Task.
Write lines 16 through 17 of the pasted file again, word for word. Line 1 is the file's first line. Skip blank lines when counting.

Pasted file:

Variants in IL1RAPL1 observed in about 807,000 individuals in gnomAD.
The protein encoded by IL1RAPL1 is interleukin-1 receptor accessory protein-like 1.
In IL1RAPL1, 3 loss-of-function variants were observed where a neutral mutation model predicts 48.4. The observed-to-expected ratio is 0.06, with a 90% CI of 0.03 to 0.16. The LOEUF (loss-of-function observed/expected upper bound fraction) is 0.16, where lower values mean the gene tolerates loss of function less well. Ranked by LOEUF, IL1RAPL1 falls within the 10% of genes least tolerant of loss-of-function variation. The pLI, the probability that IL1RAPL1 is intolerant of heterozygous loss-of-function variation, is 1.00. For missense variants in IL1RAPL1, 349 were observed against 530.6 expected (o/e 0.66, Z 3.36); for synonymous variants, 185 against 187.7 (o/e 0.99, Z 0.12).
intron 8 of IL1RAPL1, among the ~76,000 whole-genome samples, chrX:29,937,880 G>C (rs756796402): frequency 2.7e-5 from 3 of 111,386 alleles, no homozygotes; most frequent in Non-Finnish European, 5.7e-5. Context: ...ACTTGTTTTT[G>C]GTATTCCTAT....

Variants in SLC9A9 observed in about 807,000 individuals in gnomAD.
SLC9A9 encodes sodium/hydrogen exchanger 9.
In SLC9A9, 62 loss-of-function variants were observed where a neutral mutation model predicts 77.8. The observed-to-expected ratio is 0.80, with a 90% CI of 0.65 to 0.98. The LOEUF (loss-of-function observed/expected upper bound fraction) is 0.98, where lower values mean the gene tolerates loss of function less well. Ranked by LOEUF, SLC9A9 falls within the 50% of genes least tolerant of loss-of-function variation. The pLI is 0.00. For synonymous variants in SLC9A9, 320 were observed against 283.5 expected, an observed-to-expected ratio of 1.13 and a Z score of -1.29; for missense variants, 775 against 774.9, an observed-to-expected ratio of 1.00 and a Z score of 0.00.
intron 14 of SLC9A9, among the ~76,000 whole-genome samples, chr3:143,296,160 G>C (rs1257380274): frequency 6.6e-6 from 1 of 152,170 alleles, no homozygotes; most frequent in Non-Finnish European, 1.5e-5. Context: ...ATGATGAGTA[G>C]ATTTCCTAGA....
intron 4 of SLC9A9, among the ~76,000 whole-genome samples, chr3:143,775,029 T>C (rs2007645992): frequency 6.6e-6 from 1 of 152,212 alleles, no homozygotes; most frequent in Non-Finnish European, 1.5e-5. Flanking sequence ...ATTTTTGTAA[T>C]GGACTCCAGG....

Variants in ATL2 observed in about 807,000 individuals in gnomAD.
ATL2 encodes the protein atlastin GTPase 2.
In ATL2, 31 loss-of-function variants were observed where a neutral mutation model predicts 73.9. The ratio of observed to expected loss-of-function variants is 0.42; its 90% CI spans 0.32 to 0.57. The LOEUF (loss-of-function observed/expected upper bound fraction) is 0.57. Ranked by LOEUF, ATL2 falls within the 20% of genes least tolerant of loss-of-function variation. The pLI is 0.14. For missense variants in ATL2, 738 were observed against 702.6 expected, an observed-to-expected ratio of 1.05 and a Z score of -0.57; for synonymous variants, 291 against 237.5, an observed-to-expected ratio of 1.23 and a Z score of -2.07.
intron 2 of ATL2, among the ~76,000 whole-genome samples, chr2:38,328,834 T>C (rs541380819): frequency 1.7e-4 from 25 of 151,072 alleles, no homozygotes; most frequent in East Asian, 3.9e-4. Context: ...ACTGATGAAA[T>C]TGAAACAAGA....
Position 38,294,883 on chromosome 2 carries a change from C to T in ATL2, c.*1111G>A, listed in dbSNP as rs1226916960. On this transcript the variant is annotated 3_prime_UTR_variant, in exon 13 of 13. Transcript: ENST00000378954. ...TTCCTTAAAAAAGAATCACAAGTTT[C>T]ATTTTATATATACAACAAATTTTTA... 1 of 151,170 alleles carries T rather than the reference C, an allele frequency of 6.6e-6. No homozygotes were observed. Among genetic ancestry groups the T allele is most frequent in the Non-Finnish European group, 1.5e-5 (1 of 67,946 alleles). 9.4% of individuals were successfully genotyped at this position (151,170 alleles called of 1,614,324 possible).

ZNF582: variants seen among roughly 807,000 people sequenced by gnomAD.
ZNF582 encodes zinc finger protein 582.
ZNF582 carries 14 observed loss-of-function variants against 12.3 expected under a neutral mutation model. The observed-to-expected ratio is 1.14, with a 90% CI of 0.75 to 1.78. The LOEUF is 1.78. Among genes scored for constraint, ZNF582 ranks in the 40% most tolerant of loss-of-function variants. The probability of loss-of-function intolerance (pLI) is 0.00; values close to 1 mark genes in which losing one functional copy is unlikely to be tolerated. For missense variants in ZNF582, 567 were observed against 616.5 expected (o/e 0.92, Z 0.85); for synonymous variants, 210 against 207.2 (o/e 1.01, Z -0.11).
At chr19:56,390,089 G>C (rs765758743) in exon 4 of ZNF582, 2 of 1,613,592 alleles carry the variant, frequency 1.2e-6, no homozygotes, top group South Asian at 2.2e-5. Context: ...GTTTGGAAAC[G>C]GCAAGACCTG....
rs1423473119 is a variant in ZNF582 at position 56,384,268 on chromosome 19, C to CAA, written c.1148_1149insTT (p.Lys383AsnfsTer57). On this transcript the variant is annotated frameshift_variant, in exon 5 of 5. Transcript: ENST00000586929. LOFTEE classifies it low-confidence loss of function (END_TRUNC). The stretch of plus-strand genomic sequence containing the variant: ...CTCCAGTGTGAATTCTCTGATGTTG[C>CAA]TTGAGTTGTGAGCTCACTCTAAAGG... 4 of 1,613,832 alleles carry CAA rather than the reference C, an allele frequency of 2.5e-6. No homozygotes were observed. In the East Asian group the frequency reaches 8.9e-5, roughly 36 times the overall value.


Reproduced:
ZNF582 encodes zinc finger protein 582.
ZNF582 carries 14 observed loss-of-function variants against 12.3 expected under a neutral mutation model. The observed-to-expected ratio is 1.14, with a 90% CI of 0.75 to 1.78. The LOEUF is 1.78. Among genes scored for constraint, ZNF582 ranks in the 40% most tolerant of loss-of-function variants. The probability of loss-of-function intolerance (pLI) is 0.00; values close to 1 mark genes in which losing one functional copy is unlikely to be tolerated. For missense variants in ZNF582, 567 were observed against 616.5 expected (o/e 0.92, Z 0.85); for synonymous variants, 210 against 207.2 (o/e 1.01, Z -0.11).